Manager's Journal: September 11's Loyalty Dividend

Manager's Journal: September 11's Loyalty Dividend

It's difficult to remember a time when the ties that bind in business—between companies and their customers, employees, suppliers and shareholders—have been under greater strain than they are today.

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Manager's Journal: September 11's Loyalty Dividend

It's difficult to remember a time when the ties that bind in business—between companies and their customers, employees, suppliers and shareholders—have been under greater strain than they are today. And yet, on the anniversary of the terrorist attacks, some companies that put customers and employees ahead of financial considerations are stronger than they were a year ago.

Companies like Enterprise Rent-A-Car, Southwest Airlines and Dell are leading their sectors in a struggling economy. The values that led Enterprise to waive drop-off fees for one-way rentals last September, or Southwest to keep employees on the payroll and maintain flight schedules, can, in fact, strengthen the bonds that keep companies intact and responsive in difficult times. Quite apart from the hard metrics of financial performance, these companies are excelling in terms of human accounting metrics like customer satisfaction and employee retention. The principles of loyalty can give companies the kind of compass they need to stay on course.

Consider the crisis response of Enterprise Rent-A-Car. Enterprise faced a dilemma after Sept. 11, as stranded travelers desperately sought cars to return to their homes. While the company's business model was built on putting customer relationships first, its neighborhood branch structure lacked the logistics systems to track or offer one-way rentals. Nonetheless, many branch managers made cars available to get their customers back home.

What's more, their actions anticipated corporate policy. Alexis Hocevar, vice president and general manager of Enterprise's New Orleans region, explained, "We knew we had to do the right thing and worry about the rest later." Three days after the attacks, with the nation's transportation system still crippled, Enterprise headquarters told its then more than 4,300 U.S. locations to permit out-of-state one-way rentals for stranded travelers and waive or reimburse drop-off fees.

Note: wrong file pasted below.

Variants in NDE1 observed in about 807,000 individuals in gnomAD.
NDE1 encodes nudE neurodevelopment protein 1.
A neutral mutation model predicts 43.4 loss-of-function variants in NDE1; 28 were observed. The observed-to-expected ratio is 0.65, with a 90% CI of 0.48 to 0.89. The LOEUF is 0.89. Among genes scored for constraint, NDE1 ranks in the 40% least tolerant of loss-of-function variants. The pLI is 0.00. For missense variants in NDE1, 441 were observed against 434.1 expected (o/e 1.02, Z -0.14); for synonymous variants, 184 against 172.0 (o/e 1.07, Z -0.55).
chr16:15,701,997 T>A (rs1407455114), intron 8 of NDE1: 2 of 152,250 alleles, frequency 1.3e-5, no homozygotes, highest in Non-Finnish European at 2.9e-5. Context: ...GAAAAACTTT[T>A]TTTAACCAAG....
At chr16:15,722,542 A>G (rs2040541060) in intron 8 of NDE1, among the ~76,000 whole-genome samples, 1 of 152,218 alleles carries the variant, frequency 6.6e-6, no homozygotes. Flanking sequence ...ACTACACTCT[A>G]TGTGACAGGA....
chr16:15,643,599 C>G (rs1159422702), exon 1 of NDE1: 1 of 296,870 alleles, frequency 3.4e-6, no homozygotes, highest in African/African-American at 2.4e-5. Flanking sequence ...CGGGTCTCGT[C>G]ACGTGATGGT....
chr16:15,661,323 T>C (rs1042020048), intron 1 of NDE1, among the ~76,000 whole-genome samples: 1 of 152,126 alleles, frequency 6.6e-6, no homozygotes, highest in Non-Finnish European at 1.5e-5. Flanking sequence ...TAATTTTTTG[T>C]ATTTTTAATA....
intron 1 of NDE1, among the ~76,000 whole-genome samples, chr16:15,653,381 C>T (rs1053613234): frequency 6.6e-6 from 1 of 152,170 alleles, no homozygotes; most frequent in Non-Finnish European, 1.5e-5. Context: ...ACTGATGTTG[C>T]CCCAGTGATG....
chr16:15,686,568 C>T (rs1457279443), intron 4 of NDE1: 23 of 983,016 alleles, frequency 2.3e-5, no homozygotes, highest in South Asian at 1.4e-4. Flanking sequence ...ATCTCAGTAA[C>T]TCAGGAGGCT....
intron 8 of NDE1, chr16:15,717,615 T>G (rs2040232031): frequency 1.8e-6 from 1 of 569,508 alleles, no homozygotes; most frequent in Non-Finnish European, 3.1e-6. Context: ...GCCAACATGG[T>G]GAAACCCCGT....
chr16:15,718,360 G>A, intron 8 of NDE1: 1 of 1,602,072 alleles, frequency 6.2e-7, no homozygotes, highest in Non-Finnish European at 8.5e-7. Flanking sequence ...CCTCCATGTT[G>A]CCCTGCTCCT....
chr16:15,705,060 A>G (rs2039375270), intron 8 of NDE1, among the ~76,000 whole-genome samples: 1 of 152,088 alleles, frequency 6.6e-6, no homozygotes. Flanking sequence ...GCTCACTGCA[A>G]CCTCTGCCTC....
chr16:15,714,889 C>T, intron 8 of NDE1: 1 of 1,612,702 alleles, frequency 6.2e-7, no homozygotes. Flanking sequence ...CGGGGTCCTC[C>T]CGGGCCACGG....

Thousands of vehicles in Enterprise's U.S. fleet of 480,000 were displaced. Some were sold, others were retrieved by employees or transported back to branches on flatbed trucks. "There will be losses," said Andy Taylor, Enterprise's chairman and CEO, who stayed in touch with employees via e-mail during the crisis. "But right now we're just concerned about taking care of our customers."

The seeds for Enterprise's actions in this crisis were sown a long time ago. In a low-growth business, Enterprise moved past the leaders to become the number one rental-car company in the U.S. in 1996. It has succeeded by finding a niche in the replacement market, building strong relationships with insurers and auto dealers who provide loaner vehicles.

But anyone who has rented from Enterprise knows that there is a different attitude among employees there. When new managers gather at Enterprise headquarters for training, CEO Andy Taylor or President Don Ross manage to set time aside to address the group. Managers are rewarded for initiative and they don't profit at the expense of customers or partners. Enterprise's decisions in the aftermath of 9/11 were an extension of this principle.

Some executives dismiss the Enterprise philosophy of "put customers first, and employees second, and profit will take care of itself" as disingenuous or naive. But a fundamental component of the Enterprise formula is to pay employees a share of the profits they help generate. With this reward system, profits do tend to take care of themselves. When Mr. Taylor realized that some branch managers were focusing on short-term profitability at the expense of customer service, the company developed a rigorous measure for customer satisfaction by branch and used it for promotions.

Many leaders today could learn from Enterprise. One of the lessons of Sept. 11 is that loyalty really counts. Doing business—building relationships—with the kind of people you can rely on pays real dividends in tough times. Now more than ever, our business leaders should demonstrate the value of loyalty—and how they are worthy of it.

Mr. Reichheld is a fellow at Bain & Co. and author of "Loyalty Rules: How Today's Leaders Build Lasting Relationships" (Harvard Business School Press, 2001).


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